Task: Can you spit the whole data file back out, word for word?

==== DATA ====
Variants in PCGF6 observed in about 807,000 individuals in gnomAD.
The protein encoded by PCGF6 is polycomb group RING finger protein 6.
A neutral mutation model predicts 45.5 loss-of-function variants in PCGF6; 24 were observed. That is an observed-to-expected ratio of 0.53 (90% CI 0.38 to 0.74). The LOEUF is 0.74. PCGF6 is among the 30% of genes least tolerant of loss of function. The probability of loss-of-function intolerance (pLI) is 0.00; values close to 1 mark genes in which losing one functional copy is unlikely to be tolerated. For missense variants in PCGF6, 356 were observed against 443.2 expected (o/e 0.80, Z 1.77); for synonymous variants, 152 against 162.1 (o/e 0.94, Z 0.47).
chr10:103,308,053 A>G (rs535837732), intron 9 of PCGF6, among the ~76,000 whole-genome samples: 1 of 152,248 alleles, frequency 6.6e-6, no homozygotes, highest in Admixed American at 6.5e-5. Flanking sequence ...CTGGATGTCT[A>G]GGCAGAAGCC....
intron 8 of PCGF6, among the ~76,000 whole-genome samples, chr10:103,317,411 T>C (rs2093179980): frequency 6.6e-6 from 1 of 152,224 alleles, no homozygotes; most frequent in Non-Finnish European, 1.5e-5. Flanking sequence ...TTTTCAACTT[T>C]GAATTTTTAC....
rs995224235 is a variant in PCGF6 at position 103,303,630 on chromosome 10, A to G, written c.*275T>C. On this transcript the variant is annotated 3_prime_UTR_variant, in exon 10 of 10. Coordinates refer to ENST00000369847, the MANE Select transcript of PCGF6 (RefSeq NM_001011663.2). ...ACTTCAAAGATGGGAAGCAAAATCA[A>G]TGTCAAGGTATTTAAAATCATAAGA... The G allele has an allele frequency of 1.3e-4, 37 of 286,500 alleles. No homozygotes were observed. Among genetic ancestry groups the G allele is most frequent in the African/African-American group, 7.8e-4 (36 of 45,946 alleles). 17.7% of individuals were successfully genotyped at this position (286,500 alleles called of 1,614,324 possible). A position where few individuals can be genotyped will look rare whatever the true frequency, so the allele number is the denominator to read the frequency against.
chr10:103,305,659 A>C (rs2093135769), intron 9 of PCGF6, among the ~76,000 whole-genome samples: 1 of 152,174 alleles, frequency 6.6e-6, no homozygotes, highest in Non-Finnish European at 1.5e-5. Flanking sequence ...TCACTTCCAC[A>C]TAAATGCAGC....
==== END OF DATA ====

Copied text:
Variants in PCGF6 observed in about 807,000 individuals in gnomAD.
The protein encoded by PCGF6 is polycomb group RING finger protein 6.
A neutral mutation model predicts 45.5 loss-of-function variants in PCGF6; 24 were observed. That is an observed-to-expected ratio of 0.53 (90% CI 0.38 to 0.74). The LOEUF is 0.74. PCGF6 is among the 30% of genes least tolerant of loss of function. The probability of loss-of-function intolerance (pLI) is 0.00; values close to 1 mark genes in which losing one functional copy is unlikely to be tolerated. For missense variants in PCGF6, 356 were observed against 443.2 expected (o/e 0.80, Z 1.77); for synonymous variants, 152 against 162.1 (o/e 0.94, Z 0.47).
chr10:103,308,053 A>G (rs535837732), intron 9 of PCGF6, among the ~76,000 whole-genome samples: 1 of 152,248 alleles, frequency 6.6e-6, no homozygotes, highest in Admixed American at 6.5e-5. Flanking sequence ...CTGGATGTCT[A>G]GGCAGAAGCC....
intron 8 of PCGF6, among the ~76,000 whole-genome samples, chr10:103,317,411 T>C (rs2093179980): frequency 6.6e-6 from 1 of 152,224 alleles, no homozygotes; most frequent in Non-Finnish European, 1.5e-5. Flanking sequence ...TTTTCAACTT[T>C]GAATTTTTAC....
rs995224235 is a variant in PCGF6 at position 103,303,630 on chromosome 10, A to G, written c.*275T>C. On this transcript the variant is annotated 3_prime_UTR_variant, in exon 10 of 10. Coordinates refer to ENST00000369847, the MANE Select transcript of PCGF6 (RefSeq NM_001011663.2). ...ACTTCAAAGATGGGAAGCAAAATCA[A>G]TGTCAAGGTATTTAAAATCATAAGA... The G allele has an allele frequency of 1.3e-4, 37 of 286,500 alleles. No homozygotes were observed. Among genetic ancestry groups the G allele is most frequent in the African/African-American group, 7.8e-4 (36 of 45,946 alleles). 17.7% of individuals were successfully genotyped at this position (286,500 alleles called of 1,614,324 possible). A position where few individuals can be genotyped will look rare whatever the true frequency, so the allele number is the denominator to read the frequency against.
chr10:103,305,659 A>C (rs2093135769), intron 9 of PCGF6, among the ~76,000 whole-genome samples: 1 of 152,174 alleles, frequency 6.6e-6, no homozygotes, highest in Non-Finnish European at 1.5e-5. Flanking sequence ...TCACTTCCAC[A>C]TAAATGCAGC....